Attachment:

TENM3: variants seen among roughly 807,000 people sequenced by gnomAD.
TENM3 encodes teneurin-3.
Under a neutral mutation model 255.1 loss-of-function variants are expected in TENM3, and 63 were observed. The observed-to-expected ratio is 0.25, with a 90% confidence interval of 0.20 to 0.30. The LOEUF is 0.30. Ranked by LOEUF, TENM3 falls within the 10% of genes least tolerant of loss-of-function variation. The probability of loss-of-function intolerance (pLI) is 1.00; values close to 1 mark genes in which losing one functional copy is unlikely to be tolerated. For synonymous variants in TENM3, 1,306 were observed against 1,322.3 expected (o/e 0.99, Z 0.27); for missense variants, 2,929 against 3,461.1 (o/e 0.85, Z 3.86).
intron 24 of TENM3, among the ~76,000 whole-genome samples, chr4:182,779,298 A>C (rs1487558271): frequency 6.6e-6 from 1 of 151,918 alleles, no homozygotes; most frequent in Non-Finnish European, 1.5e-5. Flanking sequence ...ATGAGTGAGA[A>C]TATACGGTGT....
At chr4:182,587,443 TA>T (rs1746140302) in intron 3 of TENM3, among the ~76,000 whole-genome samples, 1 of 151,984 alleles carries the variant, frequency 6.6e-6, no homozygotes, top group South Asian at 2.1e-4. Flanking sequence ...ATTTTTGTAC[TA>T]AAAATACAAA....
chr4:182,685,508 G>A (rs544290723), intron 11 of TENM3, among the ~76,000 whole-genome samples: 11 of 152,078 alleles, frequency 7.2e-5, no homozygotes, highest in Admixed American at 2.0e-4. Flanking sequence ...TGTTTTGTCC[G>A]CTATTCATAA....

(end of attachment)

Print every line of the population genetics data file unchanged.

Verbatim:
TENM3: variants seen among roughly 807,000 people sequenced by gnomAD.
TENM3 encodes teneurin-3.
Under a neutral mutation model 255.1 loss-of-function variants are expected in TENM3, and 63 were observed. The observed-to-expected ratio is 0.25, with a 90% confidence interval of 0.20 to 0.30. The LOEUF is 0.30. Ranked by LOEUF, TENM3 falls within the 10% of genes least tolerant of loss-of-function variation. The probability of loss-of-function intolerance (pLI) is 1.00; values close to 1 mark genes in which losing one functional copy is unlikely to be tolerated. For synonymous variants in TENM3, 1,306 were observed against 1,322.3 expected (o/e 0.99, Z 0.27); for missense variants, 2,929 against 3,461.1 (o/e 0.85, Z 3.86).
intron 24 of TENM3, among the ~76,000 whole-genome samples, chr4:182,779,298 A>C (rs1487558271): frequency 6.6e-6 from 1 of 151,918 alleles, no homozygotes; most frequent in Non-Finnish European, 1.5e-5. Flanking sequence ...ATGAGTGAGA[A>C]TATACGGTGT....
At chr4:182,587,443 TA>T (rs1746140302) in intron 3 of TENM3, among the ~76,000 whole-genome samples, 1 of 151,984 alleles carries the variant, frequency 6.6e-6, no homozygotes, top group South Asian at 2.1e-4. Flanking sequence ...ATTTTTGTAC[TA>T]AAAATACAAA....
chr4:182,685,508 G>A (rs544290723), intron 11 of TENM3, among the ~76,000 whole-genome samples: 11 of 152,078 alleles, frequency 7.2e-5, no homozygotes, highest in Admixed American at 2.0e-4. Flanking sequence ...TGTTTTGTCC[G>A]CTATTCATAA....